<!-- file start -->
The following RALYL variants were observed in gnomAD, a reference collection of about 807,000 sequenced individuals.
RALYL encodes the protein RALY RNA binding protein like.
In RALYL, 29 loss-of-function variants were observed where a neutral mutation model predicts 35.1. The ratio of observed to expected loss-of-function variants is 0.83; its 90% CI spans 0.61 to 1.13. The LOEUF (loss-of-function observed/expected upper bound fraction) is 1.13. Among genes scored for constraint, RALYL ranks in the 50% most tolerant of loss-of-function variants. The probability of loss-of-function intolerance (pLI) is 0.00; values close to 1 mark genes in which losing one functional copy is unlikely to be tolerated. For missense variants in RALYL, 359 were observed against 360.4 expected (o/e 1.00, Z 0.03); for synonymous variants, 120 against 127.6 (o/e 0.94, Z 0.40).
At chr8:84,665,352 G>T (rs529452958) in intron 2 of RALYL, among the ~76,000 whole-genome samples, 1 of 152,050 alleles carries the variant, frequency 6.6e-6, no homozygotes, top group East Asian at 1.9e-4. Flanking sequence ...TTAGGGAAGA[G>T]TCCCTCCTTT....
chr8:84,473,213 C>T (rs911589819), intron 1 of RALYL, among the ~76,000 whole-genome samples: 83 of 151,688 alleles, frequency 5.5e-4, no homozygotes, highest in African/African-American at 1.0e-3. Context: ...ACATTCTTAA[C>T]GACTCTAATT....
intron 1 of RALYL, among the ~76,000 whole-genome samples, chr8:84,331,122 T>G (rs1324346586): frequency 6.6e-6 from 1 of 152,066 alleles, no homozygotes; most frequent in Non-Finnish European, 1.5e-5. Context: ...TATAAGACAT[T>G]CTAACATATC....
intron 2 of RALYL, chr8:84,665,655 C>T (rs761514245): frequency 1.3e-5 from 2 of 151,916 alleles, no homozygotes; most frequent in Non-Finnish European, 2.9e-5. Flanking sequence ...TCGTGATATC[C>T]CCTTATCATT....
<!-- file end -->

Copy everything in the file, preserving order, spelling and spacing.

The following RALYL variants were observed in gnomAD, a reference collection of about 807,000 sequenced individuals.
RALYL encodes the protein RALY RNA binding protein like.
In RALYL, 29 loss-of-function variants were observed where a neutral mutation model predicts 35.1. The ratio of observed to expected loss-of-function variants is 0.83; its 90% CI spans 0.61 to 1.13. The LOEUF (loss-of-function observed/expected upper bound fraction) is 1.13. Among genes scored for constraint, RALYL ranks in the 50% most tolerant of loss-of-function variants. The probability of loss-of-function intolerance (pLI) is 0.00; values close to 1 mark genes in which losing one functional copy is unlikely to be tolerated. For missense variants in RALYL, 359 were observed against 360.4 expected (o/e 1.00, Z 0.03); for synonymous variants, 120 against 127.6 (o/e 0.94, Z 0.40).
At chr8:84,665,352 G>T (rs529452958) in intron 2 of RALYL, among the ~76,000 whole-genome samples, 1 of 152,050 alleles carries the variant, frequency 6.6e-6, no homozygotes, top group East Asian at 1.9e-4. Flanking sequence ...TTAGGGAAGA[G>T]TCCCTCCTTT....
chr8:84,473,213 C>T (rs911589819), intron 1 of RALYL, among the ~76,000 whole-genome samples: 83 of 151,688 alleles, frequency 5.5e-4, no homozygotes, highest in African/African-American at 1.0e-3. Context: ...ACATTCTTAA[C>T]GACTCTAATT....
intron 1 of RALYL, among the ~76,000 whole-genome samples, chr8:84,331,122 T>G (rs1324346586): frequency 6.6e-6 from 1 of 152,066 alleles, no homozygotes; most frequent in Non-Finnish European, 1.5e-5. Context: ...TATAAGACAT[T>G]CTAACATATC....
intron 2 of RALYL, chr8:84,665,655 C>T (rs761514245): frequency 1.3e-5 from 2 of 151,916 alleles, no homozygotes; most frequent in Non-Finnish European, 2.9e-5. Flanking sequence ...TCGTGATATC[C>T]CCTTATCATT....